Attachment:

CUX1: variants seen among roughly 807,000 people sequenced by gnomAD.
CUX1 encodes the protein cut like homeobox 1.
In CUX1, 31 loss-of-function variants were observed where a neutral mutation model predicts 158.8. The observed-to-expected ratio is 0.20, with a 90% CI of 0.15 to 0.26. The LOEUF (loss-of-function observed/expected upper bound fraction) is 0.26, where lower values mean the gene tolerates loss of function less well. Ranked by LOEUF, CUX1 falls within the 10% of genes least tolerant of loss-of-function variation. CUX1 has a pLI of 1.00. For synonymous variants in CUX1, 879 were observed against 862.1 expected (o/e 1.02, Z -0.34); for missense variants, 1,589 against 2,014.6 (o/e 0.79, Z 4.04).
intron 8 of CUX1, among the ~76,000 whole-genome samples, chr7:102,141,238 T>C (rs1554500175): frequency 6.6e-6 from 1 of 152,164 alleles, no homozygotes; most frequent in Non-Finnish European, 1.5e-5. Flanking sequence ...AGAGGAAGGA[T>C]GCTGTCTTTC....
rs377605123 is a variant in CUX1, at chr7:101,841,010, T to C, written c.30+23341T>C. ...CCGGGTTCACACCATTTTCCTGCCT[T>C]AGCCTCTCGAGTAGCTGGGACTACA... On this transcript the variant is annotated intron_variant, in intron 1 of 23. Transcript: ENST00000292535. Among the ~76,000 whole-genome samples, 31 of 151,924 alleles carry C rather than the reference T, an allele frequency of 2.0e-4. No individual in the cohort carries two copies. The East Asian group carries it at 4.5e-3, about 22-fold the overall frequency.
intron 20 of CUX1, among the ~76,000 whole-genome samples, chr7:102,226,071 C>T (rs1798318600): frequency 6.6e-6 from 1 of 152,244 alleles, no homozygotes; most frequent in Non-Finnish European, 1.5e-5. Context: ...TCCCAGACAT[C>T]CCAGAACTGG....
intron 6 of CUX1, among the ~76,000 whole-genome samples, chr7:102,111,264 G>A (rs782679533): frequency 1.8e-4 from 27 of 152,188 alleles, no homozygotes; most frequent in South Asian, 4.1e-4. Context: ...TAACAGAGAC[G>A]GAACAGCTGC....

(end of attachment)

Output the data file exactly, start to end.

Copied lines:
CUX1: variants seen among roughly 807,000 people sequenced by gnomAD.
CUX1 encodes the protein cut like homeobox 1.
In CUX1, 31 loss-of-function variants were observed where a neutral mutation model predicts 158.8. The observed-to-expected ratio is 0.20, with a 90% CI of 0.15 to 0.26. The LOEUF (loss-of-function observed/expected upper bound fraction) is 0.26, where lower values mean the gene tolerates loss of function less well. Ranked by LOEUF, CUX1 falls within the 10% of genes least tolerant of loss-of-function variation. CUX1 has a pLI of 1.00. For synonymous variants in CUX1, 879 were observed against 862.1 expected (o/e 1.02, Z -0.34); for missense variants, 1,589 against 2,014.6 (o/e 0.79, Z 4.04).
intron 8 of CUX1, among the ~76,000 whole-genome samples, chr7:102,141,238 T>C (rs1554500175): frequency 6.6e-6 from 1 of 152,164 alleles, no homozygotes; most frequent in Non-Finnish European, 1.5e-5. Flanking sequence ...AGAGGAAGGA[T>C]GCTGTCTTTC....
rs377605123 is a variant in CUX1, at chr7:101,841,010, T to C, written c.30+23341T>C. ...CCGGGTTCACACCATTTTCCTGCCT[T>C]AGCCTCTCGAGTAGCTGGGACTACA... On this transcript the variant is annotated intron_variant, in intron 1 of 23. Transcript: ENST00000292535. Among the ~76,000 whole-genome samples, 31 of 151,924 alleles carry C rather than the reference T, an allele frequency of 2.0e-4. No individual in the cohort carries two copies. The East Asian group carries it at 4.5e-3, about 22-fold the overall frequency.
intron 20 of CUX1, among the ~76,000 whole-genome samples, chr7:102,226,071 C>T (rs1798318600): frequency 6.6e-6 from 1 of 152,244 alleles, no homozygotes; most frequent in Non-Finnish European, 1.5e-5. Context: ...TCCCAGACAT[C>T]CCAGAACTGG....
intron 6 of CUX1, among the ~76,000 whole-genome samples, chr7:102,111,264 G>A (rs782679533): frequency 1.8e-4 from 27 of 152,188 alleles, no homozygotes; most frequent in South Asian, 4.1e-4. Context: ...TAACAGAGAC[G>A]GAACAGCTGC....